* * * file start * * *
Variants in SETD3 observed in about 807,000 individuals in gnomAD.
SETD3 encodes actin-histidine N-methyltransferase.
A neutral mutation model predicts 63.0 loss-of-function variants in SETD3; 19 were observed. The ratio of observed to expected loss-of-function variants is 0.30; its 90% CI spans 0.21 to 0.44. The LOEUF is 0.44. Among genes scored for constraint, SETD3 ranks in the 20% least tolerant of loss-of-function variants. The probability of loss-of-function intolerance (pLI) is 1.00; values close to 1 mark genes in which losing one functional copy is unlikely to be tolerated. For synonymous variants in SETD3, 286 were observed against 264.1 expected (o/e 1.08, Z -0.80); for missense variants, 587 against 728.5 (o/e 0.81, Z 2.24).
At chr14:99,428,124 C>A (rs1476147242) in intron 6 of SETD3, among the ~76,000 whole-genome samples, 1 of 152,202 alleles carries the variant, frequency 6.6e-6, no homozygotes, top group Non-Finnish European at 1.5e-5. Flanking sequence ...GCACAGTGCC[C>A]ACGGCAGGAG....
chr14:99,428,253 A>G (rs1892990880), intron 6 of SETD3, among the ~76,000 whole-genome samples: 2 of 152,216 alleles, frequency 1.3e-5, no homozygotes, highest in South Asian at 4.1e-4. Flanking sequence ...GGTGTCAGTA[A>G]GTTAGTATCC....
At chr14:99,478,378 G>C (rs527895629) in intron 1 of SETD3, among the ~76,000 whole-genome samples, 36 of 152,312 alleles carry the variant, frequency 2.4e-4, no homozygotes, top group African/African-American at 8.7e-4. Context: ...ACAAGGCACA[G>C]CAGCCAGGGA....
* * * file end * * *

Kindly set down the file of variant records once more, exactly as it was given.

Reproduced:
Variants in SETD3 observed in about 807,000 individuals in gnomAD.
SETD3 encodes actin-histidine N-methyltransferase.
A neutral mutation model predicts 63.0 loss-of-function variants in SETD3; 19 were observed. The ratio of observed to expected loss-of-function variants is 0.30; its 90% CI spans 0.21 to 0.44. The LOEUF is 0.44. Among genes scored for constraint, SETD3 ranks in the 20% least tolerant of loss-of-function variants. The probability of loss-of-function intolerance (pLI) is 1.00; values close to 1 mark genes in which losing one functional copy is unlikely to be tolerated. For synonymous variants in SETD3, 286 were observed against 264.1 expected (o/e 1.08, Z -0.80); for missense variants, 587 against 728.5 (o/e 0.81, Z 2.24).
At chr14:99,428,124 C>A (rs1476147242) in intron 6 of SETD3, among the ~76,000 whole-genome samples, 1 of 152,202 alleles carries the variant, frequency 6.6e-6, no homozygotes, top group Non-Finnish European at 1.5e-5. Flanking sequence ...GCACAGTGCC[C>A]ACGGCAGGAG....
chr14:99,428,253 A>G (rs1892990880), intron 6 of SETD3, among the ~76,000 whole-genome samples: 2 of 152,216 alleles, frequency 1.3e-5, no homozygotes, highest in South Asian at 4.1e-4. Flanking sequence ...GGTGTCAGTA[A>G]GTTAGTATCC....
At chr14:99,478,378 G>C (rs527895629) in intron 1 of SETD3, among the ~76,000 whole-genome samples, 36 of 152,312 alleles carry the variant, frequency 2.4e-4, no homozygotes, top group African/African-American at 8.7e-4. Context: ...ACAAGGCACA[G>C]CAGCCAGGGA....